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Edward Hinchman
Florida State University
  1. Telling as Inviting to Trust.Edward S. Hinchman - 2005 - Philosophy and Phenomenological Research 70 (3):562–587.
    How can I give you a reason to believe what I tell you? I can influence the evidence available to you. Or I can simply invite your trust. These two ways of giving reasons work very differently. When a speaker tells her hearer that p, I argue, she intends that he gain access to a prima facie reason to believe that p that derives not from evidence but from his mere understanding of her act. Unlike mere assertions, acts of telling (...)
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  2. Trust and Diachronic Agency.Edward S. Hinchman - 2003 - Noûs 37 (1):25–51.
    Some philosophers worry that it can never be reasonable to act simply on the basis of trust, yet you act on the basis of self-trust whenever you merely follow through on one of your own intentions. It is no more reasonable to follow through on an intention formed by an untrustworthy earlier self of yours than it is to act on the advice of an untrustworthy interlocutor. But reasonable mistrust equally presupposes untrustworthiness in the mistrusted, or evidence thereof. The concept (...)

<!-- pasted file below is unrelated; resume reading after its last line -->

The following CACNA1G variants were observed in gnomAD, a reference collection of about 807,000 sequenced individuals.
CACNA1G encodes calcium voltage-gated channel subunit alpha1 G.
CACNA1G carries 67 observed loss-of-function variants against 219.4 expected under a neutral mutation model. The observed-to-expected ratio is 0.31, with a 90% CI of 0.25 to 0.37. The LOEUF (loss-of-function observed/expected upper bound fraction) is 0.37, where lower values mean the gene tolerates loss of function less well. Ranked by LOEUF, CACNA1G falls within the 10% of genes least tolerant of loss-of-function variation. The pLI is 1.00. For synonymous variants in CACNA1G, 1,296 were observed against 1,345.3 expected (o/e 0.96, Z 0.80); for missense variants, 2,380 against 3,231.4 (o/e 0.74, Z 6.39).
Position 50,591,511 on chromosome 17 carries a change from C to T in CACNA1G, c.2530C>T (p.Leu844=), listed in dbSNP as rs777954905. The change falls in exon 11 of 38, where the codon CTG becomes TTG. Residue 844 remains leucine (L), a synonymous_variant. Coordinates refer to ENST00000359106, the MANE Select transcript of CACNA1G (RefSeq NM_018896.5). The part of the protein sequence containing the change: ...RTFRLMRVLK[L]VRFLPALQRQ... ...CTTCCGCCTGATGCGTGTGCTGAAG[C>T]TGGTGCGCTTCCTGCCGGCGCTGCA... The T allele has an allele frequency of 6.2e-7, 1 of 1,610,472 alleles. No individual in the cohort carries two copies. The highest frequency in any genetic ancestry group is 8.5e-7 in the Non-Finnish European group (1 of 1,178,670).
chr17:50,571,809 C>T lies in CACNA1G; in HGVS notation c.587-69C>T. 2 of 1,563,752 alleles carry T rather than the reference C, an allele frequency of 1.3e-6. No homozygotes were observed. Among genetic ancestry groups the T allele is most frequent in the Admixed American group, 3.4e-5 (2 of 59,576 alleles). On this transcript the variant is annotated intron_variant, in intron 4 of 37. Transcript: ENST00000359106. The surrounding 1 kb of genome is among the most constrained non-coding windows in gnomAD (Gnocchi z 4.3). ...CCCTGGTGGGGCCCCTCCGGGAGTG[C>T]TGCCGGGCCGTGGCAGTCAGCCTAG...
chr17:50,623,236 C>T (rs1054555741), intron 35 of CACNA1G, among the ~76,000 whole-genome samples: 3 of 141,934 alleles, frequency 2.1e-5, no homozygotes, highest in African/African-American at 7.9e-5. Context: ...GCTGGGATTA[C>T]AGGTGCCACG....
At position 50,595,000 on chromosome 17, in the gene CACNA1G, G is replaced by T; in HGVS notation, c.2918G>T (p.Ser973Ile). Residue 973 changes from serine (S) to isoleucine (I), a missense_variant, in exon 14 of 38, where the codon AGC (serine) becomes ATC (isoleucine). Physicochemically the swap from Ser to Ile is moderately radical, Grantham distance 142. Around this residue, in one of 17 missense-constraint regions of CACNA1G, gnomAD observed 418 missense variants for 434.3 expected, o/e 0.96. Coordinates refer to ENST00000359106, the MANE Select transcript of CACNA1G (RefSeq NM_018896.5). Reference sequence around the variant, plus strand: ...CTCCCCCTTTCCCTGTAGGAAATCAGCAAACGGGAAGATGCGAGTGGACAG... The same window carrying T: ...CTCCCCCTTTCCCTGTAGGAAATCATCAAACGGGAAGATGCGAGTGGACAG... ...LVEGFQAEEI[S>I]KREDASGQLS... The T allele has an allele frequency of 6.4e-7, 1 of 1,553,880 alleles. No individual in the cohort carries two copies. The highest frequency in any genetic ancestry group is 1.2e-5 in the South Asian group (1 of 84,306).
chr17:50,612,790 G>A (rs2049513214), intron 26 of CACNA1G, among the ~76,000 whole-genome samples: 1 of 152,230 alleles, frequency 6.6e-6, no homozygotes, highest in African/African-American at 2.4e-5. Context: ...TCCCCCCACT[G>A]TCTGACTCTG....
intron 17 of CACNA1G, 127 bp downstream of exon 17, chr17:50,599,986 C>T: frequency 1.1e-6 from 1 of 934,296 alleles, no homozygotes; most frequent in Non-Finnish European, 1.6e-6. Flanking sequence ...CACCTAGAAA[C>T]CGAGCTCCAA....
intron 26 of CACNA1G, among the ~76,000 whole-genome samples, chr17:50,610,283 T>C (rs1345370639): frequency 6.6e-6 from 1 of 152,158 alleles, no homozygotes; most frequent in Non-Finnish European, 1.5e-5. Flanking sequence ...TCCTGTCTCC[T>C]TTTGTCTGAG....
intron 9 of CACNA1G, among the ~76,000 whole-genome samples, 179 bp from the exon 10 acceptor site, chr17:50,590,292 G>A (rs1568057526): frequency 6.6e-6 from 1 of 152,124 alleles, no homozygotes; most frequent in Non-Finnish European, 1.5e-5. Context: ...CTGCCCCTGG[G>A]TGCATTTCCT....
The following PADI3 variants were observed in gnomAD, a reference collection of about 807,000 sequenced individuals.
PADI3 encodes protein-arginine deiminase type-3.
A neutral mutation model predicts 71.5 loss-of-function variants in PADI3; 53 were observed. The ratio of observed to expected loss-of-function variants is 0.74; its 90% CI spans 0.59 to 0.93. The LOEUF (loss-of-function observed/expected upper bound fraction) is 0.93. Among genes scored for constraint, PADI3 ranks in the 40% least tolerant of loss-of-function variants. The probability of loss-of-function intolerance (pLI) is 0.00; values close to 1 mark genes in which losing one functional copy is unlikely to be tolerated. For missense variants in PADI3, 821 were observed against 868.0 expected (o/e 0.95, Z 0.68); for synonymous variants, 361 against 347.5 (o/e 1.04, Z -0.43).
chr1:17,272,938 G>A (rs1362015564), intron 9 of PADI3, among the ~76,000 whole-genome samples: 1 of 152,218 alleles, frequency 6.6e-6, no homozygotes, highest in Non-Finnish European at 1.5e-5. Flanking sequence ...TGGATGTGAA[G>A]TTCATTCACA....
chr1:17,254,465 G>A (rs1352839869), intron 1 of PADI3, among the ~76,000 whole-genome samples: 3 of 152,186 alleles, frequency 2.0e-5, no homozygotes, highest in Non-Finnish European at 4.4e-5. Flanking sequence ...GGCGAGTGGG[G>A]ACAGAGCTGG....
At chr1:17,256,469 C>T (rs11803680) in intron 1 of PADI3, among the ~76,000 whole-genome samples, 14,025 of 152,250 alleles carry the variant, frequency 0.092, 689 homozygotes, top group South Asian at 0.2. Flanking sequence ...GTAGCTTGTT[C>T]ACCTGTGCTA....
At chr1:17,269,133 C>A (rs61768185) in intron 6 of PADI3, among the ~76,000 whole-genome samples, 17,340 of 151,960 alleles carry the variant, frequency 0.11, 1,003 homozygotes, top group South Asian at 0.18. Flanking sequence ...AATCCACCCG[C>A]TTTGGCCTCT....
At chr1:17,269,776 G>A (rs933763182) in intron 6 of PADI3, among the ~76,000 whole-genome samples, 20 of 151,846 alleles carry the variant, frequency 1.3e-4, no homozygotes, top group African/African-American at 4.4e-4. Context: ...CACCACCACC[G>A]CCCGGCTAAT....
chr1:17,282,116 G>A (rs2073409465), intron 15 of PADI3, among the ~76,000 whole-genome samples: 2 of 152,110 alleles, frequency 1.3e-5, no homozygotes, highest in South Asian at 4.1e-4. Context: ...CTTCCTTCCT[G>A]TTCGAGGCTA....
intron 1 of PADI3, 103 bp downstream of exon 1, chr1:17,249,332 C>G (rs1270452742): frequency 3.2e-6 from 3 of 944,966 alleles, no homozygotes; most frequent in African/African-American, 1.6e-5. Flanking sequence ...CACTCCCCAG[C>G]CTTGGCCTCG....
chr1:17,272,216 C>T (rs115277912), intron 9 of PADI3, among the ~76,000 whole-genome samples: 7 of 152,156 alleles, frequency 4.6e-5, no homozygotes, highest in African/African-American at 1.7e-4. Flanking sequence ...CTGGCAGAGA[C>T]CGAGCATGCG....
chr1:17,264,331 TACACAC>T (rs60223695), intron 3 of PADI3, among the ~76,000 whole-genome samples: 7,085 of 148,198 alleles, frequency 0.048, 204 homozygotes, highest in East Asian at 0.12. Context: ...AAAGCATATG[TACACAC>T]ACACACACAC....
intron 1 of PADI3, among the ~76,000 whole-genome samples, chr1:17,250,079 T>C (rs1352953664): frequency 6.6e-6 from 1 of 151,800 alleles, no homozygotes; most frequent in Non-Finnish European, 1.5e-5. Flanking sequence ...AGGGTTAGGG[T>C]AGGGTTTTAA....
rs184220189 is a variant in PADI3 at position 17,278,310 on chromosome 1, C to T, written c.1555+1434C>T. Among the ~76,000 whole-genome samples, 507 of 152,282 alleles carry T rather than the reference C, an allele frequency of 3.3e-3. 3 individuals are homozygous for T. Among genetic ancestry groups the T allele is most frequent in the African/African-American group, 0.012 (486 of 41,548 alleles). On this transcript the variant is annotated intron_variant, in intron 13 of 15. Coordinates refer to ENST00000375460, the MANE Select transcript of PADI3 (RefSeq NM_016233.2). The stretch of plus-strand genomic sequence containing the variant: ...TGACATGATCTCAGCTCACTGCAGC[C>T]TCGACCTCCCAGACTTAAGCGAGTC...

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  3. Rational Requirements and 'Rational' Akrasia.Edward S. Hinchman - 2013 - Philosophical Studies 166 (3):529-552.
    On one conception of practical rationality, being rational is most fundamentally a matter of avoiding incoherent combinations of attitudes. This conception construes the norms of rationality as codified by rational requirements, and one plausible rational requirement is that you not be akratic: that you not judge, all things considered, that you ought to ϕ while failing to choose or intend to ϕ. On another conception of practical rationality, being rational is most fundamentally a matter of thinking or acting in a (...)
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  4. Advising as Inviting to Trust.Edward S. Hinchman - 2005 - Canadian Journal of Philosophy 35 (3):355-386.
    How can you give your interlocutor a reason to act? One way is by manipulating his deliberative context through threats, flattery, or other incentives. Another is by addressing him in the way distinctive of reasoning with him. I aim to account for the possibility of this non-manipulative form of address by showing how it is realized through the performance of a specific illocutionary act, that of advising as inviting to trust. I argue that exercise of a capacity for reasonable trust (...)
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